Toyota’s Formula One exit won’t signal a dramatic change in road car strategy for the firm, according to a senior company source.
The firm pulled out of the sport earlier today to cut costs, but a source told Autocar that it would be business as usual at the Japanese firm under new president Akio Toyoda.
“We entered F1 when we weren’t as big as we are now,” said the source. “It was about making a statement to the world about who we are and what we were about and you could argue either way whether we’ve achieved that.”
Under new president Toyoda, the firm wants to return to making exciting road cars, which is seen with the new Toyota FT-86 and Lexus LFA models.
When Honda pulled out of the sport last year, the firm made it clear that the money saved would be reinvested into road car development, specifically the development of green models. The source said, however, that this wouldn’t necessarily be the case with Toyota.
“Toyota is such a huge company that development and R&D on all different types of road cars would be going on anyway,” said the source. “Just because we’ve pulled out, we’re not suddenly going to be putting all our money saved into building new supercars or hybrids.”
The source also said that technology and understanding learned in the sport wasn’t likely to filter back down to road cars.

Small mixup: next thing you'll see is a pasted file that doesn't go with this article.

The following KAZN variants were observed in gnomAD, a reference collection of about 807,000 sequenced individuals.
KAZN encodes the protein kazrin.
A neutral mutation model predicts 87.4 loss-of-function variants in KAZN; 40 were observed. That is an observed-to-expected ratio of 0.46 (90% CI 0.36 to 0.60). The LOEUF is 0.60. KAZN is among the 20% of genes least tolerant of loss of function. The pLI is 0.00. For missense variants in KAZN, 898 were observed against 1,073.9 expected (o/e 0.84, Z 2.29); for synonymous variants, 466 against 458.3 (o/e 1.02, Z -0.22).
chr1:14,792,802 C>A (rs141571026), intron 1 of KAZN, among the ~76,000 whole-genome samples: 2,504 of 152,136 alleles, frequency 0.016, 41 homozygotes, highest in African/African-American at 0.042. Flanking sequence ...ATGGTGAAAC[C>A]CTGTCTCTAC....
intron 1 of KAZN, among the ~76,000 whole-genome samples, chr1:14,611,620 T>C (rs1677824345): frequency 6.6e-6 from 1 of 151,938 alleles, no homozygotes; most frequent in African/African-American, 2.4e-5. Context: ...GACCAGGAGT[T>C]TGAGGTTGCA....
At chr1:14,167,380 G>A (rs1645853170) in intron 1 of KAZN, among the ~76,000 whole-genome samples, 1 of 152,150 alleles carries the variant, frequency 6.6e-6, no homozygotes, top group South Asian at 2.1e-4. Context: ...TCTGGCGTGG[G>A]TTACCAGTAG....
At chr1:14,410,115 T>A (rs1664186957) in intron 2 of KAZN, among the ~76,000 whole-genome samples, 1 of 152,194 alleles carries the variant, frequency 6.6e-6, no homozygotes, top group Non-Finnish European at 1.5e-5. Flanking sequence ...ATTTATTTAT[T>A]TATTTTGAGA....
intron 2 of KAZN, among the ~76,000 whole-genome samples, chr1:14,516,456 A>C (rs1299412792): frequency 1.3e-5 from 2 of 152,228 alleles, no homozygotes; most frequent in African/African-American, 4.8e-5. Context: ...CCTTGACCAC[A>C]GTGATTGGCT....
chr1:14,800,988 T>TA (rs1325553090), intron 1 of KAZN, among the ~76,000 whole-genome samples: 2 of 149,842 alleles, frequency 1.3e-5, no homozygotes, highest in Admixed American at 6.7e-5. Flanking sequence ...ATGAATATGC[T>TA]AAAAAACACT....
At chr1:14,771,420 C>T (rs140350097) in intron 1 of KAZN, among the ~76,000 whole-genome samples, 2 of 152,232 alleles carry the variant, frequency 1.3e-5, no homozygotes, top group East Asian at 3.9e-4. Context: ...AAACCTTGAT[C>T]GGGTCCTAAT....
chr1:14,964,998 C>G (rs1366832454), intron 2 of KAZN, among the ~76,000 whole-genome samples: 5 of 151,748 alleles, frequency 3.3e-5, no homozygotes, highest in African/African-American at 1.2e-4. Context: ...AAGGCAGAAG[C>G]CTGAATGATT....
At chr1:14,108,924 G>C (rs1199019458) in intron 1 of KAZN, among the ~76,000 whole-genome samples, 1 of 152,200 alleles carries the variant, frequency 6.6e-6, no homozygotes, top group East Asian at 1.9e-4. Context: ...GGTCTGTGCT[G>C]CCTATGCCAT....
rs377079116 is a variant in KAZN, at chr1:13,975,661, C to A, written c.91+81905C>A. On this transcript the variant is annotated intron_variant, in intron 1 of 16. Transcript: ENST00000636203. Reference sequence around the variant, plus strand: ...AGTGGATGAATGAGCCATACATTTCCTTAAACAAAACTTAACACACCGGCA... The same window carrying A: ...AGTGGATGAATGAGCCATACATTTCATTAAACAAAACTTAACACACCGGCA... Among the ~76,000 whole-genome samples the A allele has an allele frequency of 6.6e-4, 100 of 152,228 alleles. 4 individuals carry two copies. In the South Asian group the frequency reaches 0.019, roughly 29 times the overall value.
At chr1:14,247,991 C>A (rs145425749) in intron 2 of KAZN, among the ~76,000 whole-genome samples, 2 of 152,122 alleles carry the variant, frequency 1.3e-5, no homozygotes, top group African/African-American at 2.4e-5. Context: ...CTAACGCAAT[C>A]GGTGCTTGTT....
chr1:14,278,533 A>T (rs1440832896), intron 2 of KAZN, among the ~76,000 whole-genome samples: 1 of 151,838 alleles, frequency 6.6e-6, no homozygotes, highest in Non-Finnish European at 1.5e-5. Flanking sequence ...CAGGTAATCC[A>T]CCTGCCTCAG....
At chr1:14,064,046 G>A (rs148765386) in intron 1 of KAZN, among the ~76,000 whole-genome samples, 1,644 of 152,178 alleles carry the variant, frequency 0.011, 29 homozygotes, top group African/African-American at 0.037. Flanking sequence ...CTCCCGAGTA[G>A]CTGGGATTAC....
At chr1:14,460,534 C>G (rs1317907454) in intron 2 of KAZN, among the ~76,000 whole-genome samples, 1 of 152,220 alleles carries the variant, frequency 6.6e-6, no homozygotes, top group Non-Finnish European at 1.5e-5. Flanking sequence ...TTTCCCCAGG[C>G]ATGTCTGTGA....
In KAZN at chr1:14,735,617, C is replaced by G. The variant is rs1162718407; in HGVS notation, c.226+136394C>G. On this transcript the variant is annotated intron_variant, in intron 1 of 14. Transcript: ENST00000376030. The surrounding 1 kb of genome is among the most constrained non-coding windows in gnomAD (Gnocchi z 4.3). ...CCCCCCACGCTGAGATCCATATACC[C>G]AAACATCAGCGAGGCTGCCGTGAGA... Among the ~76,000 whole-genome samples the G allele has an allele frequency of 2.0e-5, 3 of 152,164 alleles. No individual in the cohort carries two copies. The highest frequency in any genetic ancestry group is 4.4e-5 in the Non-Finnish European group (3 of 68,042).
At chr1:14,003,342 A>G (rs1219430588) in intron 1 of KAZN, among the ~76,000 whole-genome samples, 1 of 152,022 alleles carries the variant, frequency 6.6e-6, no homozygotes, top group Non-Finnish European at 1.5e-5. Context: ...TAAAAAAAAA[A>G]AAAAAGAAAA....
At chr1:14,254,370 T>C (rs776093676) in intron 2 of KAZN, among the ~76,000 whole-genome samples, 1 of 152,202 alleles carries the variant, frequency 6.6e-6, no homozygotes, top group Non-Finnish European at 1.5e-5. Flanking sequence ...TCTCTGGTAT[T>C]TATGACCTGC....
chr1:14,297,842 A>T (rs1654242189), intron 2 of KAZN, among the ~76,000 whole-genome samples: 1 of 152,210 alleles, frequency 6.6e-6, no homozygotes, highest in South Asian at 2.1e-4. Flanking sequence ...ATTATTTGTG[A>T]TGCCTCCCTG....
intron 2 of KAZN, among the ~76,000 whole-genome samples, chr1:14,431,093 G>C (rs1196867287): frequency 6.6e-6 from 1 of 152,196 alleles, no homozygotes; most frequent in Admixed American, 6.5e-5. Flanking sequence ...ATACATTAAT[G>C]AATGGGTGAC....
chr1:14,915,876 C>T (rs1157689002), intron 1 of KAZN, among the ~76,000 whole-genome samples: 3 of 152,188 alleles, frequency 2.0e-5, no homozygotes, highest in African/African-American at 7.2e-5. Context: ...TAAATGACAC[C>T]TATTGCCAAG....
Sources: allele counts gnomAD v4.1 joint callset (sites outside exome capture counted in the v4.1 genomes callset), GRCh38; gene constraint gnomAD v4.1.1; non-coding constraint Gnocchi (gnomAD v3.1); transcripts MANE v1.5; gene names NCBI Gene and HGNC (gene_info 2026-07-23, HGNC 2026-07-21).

“When did we last see anything from an F1 car on a road car?” he said. “The R&D on roads cars is now so advanced and far removed from F1 that we’re probably ahead of what they know in many aspects already.”
The source said he didn’t expect the firm to “suddenly build a new Supra or Celica” with money saved from the F1 project and it remained committed to its plans to have a hybrid model in every range by 2020.
“As we’re such a big firm, we need models in every sector,” said the source. “We’re still going to see lots more hybrids, but Toyoda has made it very clear to R&D that we need more exciting cars and you’ll start to see that with future models.
“That means the next Auris, for example, can still have comfort, practicality and reliability, but a lot of the emphasis is likely to be switched onto improving things like the handling.”